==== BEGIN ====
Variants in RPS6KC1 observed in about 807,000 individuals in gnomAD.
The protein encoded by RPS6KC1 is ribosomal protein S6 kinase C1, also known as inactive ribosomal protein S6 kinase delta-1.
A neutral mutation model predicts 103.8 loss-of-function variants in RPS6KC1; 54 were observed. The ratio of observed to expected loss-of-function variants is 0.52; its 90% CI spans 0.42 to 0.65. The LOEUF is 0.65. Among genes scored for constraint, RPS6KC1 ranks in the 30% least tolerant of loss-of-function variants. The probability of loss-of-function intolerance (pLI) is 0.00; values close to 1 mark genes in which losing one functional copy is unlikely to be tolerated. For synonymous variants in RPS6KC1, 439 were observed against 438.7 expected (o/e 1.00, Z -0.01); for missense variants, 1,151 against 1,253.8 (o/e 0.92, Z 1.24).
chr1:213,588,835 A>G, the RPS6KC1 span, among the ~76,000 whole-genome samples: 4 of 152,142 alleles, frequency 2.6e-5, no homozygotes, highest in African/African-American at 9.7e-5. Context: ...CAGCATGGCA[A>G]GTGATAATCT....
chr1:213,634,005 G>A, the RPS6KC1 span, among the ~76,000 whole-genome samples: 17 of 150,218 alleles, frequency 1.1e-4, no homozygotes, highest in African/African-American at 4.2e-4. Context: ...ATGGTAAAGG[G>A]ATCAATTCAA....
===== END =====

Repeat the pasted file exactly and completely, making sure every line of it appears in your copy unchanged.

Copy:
Variants in RPS6KC1 observed in about 807,000 individuals in gnomAD.
The protein encoded by RPS6KC1 is ribosomal protein S6 kinase C1, also known as inactive ribosomal protein S6 kinase delta-1.
A neutral mutation model predicts 103.8 loss-of-function variants in RPS6KC1; 54 were observed. The ratio of observed to expected loss-of-function variants is 0.52; its 90% CI spans 0.42 to 0.65. The LOEUF is 0.65. Among genes scored for constraint, RPS6KC1 ranks in the 30% least tolerant of loss-of-function variants. The probability of loss-of-function intolerance (pLI) is 0.00; values close to 1 mark genes in which losing one functional copy is unlikely to be tolerated. For synonymous variants in RPS6KC1, 439 were observed against 438.7 expected (o/e 1.00, Z -0.01); for missense variants, 1,151 against 1,253.8 (o/e 0.92, Z 1.24).
chr1:213,588,835 A>G, the RPS6KC1 span, among the ~76,000 whole-genome samples: 4 of 152,142 alleles, frequency 2.6e-5, no homozygotes, highest in African/African-American at 9.7e-5. Context: ...CAGCATGGCA[A>G]GTGATAATCT....
chr1:213,634,005 G>A, the RPS6KC1 span, among the ~76,000 whole-genome samples: 17 of 150,218 alleles, frequency 1.1e-4, no homozygotes, highest in African/African-American at 4.2e-4. Context: ...ATGGTAAAGG[G>A]ATCAATTCAA....